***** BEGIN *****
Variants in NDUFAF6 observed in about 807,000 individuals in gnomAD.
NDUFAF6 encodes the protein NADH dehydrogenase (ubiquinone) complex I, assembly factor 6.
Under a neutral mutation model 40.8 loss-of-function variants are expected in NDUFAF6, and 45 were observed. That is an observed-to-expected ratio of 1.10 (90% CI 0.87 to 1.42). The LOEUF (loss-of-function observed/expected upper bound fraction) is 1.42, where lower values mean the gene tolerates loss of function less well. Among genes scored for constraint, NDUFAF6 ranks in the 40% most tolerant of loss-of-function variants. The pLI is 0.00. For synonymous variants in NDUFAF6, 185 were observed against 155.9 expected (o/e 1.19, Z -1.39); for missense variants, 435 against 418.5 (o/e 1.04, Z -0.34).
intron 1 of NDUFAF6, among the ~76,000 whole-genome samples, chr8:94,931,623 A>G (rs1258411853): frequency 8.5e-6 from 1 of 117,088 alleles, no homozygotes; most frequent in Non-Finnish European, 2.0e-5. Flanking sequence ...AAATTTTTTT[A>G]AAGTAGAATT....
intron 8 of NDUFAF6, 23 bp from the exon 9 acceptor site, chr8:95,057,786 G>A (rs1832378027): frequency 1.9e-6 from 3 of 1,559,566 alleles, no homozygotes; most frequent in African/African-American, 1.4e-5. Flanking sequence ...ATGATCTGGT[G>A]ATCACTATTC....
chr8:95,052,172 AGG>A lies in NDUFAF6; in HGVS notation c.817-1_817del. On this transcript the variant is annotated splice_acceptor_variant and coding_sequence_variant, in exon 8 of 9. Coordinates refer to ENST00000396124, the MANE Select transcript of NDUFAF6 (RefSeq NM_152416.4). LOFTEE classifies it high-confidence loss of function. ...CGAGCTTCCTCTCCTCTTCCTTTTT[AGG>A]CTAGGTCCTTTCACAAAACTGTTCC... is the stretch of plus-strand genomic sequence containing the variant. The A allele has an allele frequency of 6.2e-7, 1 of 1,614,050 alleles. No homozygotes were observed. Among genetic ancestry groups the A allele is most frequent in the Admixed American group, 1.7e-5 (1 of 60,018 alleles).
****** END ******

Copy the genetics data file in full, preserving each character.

Variants in NDUFAF6 observed in about 807,000 individuals in gnomAD.
NDUFAF6 encodes the protein NADH dehydrogenase (ubiquinone) complex I, assembly factor 6.
Under a neutral mutation model 40.8 loss-of-function variants are expected in NDUFAF6, and 45 were observed. That is an observed-to-expected ratio of 1.10 (90% CI 0.87 to 1.42). The LOEUF (loss-of-function observed/expected upper bound fraction) is 1.42, where lower values mean the gene tolerates loss of function less well. Among genes scored for constraint, NDUFAF6 ranks in the 40% most tolerant of loss-of-function variants. The pLI is 0.00. For synonymous variants in NDUFAF6, 185 were observed against 155.9 expected (o/e 1.19, Z -1.39); for missense variants, 435 against 418.5 (o/e 1.04, Z -0.34).
intron 1 of NDUFAF6, among the ~76,000 whole-genome samples, chr8:94,931,623 A>G (rs1258411853): frequency 8.5e-6 from 1 of 117,088 alleles, no homozygotes; most frequent in Non-Finnish European, 2.0e-5. Flanking sequence ...AAATTTTTTT[A>G]AAGTAGAATT....
intron 8 of NDUFAF6, 23 bp from the exon 9 acceptor site, chr8:95,057,786 G>A (rs1832378027): frequency 1.9e-6 from 3 of 1,559,566 alleles, no homozygotes; most frequent in African/African-American, 1.4e-5. Flanking sequence ...ATGATCTGGT[G>A]ATCACTATTC....
chr8:95,052,172 AGG>A lies in NDUFAF6; in HGVS notation c.817-1_817del. On this transcript the variant is annotated splice_acceptor_variant and coding_sequence_variant, in exon 8 of 9. Coordinates refer to ENST00000396124, the MANE Select transcript of NDUFAF6 (RefSeq NM_152416.4). LOFTEE classifies it high-confidence loss of function. ...CGAGCTTCCTCTCCTCTTCCTTTTT[AGG>A]CTAGGTCCTTTCACAAAACTGTTCC... is the stretch of plus-strand genomic sequence containing the variant. The A allele has an allele frequency of 6.2e-7, 1 of 1,614,050 alleles. No homozygotes were observed. Among genetic ancestry groups the A allele is most frequent in the Admixed American group, 1.7e-5 (1 of 60,018 alleles).